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Eleven Days of Newcastle #1: Goalkeeper

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Welcome to Eleven Days of Newcastle, where we will preview each position on the pitch in advance of the opening match of the 2012-13 Premier League season with Tottenham Hotspur on August 18. We will post one a day, and since it's still Tuesday where I live, we should get done with one day left to go. Let's start at the top of the formation and work our way down. After the jump, a preview of Newcastle's goaltenders.

Last offseason the question of who would man the goalposts for Newcastle United was pretty much settled (Alan Pardew remained committed to Tim Krul from the start), but that didn't stop supporters from making their cases for Steve Harper or even Fraser Forster. In the end, Krul started and finished 38 Premier League games, erasing any doubts about the decision with his play. He kept 15 clean sheets and led the 9th ranked defense in the league, conceding 1.34 goals a match and less than 1 a game at home. That, despite allowing 4 & 5 goals twice each. The boom or bust nature of Newcastle's defensive performance in 2011-12 seemed directly tied to the form of Tim Krul. Certainly the goalkeeper is not always to blame when the opposition scores, and the Toon often played with a patchwork back 4, but if there's one thing keeping Krul from standing among the truly great keepers in the league, it's consistency in his shotblocking performance.

There is room for improvement elsewhere, of course. His distribution rates rarely crack 50%, and his decision-making on 50/50 balls can be suspect at times (see Andy Carroll's famous trip for a high-profile example). Krul's quick-reaction shot stopping ability will cover over a multitude of sins, however, and he certainly possesses the ability to keep his team in any game against any opponent.

Steve Harper will presumably be Krul's primary backup, though last season when he wasn't on loan he didn't travel with the team. Newcastle's participation in the Europa League will likely necessitate more participation from the second choice goalie, and will definitely necessitate more travel. Will Harper, a career Newcastle man, join the team in Europe when the time comes, or will Rob Elliot get the call? Elliot's poor performance in the cups last season did not go unnoticed by the Toon Army, but to be frank, Harper showed his age (37) this preseason. Speaking of 37, Harper now dons that number, calling to mind the ostracization of midfielder Rob Lee during the Ruud Gullit era (Lee's 7 shirt was given away, and when he returned to play under Sir Bobby Robson he took #37). So is the new number symbolic of a perceived slight in Harper's mind, or is it a statement of rededication to the team? Or is it, as Harper claims, just a coincidence that the number of his age just so happens to have a little history behind it? However you slice it, this has the feel of a season where Steve Harper fades off into the sunset (and hopefully joins the club's coaching staff). Perhaps he'll prove me wrong and be an integral part of a deep cup run.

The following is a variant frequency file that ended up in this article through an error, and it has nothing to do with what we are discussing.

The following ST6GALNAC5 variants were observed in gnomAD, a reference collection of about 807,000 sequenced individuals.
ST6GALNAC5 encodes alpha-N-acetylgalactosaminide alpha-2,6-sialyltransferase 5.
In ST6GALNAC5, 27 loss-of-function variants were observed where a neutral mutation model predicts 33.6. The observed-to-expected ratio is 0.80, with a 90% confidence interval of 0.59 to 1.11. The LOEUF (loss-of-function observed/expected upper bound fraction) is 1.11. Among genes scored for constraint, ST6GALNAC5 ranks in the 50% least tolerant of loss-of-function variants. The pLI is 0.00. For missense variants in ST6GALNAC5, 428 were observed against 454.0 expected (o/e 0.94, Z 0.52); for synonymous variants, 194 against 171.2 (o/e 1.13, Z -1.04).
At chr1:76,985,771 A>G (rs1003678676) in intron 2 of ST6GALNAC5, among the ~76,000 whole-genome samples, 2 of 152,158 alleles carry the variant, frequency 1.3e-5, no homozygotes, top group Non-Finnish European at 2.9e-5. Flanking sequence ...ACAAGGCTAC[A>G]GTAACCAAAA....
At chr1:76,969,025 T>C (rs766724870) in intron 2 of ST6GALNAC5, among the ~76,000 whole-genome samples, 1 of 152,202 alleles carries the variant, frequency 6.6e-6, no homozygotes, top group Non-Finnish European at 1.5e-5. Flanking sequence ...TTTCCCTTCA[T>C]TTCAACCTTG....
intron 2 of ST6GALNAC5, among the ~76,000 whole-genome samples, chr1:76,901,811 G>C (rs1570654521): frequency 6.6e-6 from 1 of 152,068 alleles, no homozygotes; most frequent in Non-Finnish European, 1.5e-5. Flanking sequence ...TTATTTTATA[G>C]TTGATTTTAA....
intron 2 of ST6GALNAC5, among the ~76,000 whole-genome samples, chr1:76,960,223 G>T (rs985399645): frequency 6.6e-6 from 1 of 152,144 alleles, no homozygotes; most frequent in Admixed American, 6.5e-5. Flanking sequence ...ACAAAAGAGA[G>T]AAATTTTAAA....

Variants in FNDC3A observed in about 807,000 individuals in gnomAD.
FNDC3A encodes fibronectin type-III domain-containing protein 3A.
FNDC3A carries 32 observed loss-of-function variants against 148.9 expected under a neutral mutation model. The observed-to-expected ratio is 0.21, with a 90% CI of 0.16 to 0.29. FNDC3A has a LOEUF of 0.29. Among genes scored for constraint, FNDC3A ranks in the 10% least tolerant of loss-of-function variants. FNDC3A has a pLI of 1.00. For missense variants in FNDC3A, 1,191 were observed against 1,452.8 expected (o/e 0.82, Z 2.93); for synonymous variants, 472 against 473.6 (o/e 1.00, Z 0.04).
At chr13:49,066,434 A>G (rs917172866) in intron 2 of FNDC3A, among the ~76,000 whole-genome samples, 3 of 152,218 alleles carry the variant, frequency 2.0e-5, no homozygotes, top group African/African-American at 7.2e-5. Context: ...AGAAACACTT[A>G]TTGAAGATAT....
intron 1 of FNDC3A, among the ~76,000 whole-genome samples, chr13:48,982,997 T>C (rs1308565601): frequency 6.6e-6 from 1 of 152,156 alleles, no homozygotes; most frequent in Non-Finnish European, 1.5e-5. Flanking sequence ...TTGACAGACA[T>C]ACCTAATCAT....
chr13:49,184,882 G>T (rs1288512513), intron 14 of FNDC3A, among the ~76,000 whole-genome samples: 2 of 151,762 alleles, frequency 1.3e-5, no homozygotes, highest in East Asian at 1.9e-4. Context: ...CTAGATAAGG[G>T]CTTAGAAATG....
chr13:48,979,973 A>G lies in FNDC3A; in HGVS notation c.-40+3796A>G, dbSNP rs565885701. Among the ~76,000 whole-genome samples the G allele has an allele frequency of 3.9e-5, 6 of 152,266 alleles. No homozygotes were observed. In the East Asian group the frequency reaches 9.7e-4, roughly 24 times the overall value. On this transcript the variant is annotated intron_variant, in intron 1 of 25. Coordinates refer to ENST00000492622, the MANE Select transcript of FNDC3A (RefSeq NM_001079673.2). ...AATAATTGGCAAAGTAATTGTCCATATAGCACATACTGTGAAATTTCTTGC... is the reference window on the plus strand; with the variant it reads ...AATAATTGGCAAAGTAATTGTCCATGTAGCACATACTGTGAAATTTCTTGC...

The uncertainty surrounding the backup role is sort of troubling. As mentioned earlier, whoever the #2 is will likely need to play some significant minutes, as it's vitally important to keep Tim Krul fresh for as many league matches as he can handle. Newcastle already have a scheduling snafu brewing at the beginning of the season - an August 23 fixture with an as-yet unknown opponent in the Europa League, followed by a date with Chelsea at Stamford Bridge just 2 days later. Last year at this time one could have argued that Newcastle had 3 first-team goalkeepers in their squad, but one has aged and the other was sold. Tim Krul will hold the club in his capable mitts, but 19 year-old Jak Alnwick is, by all accounts, at least a year away from being able to contribute at the Premier League level. It will be up to Harper or Elliot to stand in the gap should the unthinkable happen.

Aside from the nebulous backup situation, which honestly could resolve itself before the preseason is up, the goalkeeping situation at Newcastle continues to be solid. Tim Krul is the backbone of a team that is very strong up the middle, and as long as he continues to develop (It's easy to forget that he'll be 24 for the majority of the upcoming season), the Toon will have a legitimate chance of finishing at least in the top half of the defensive table once again.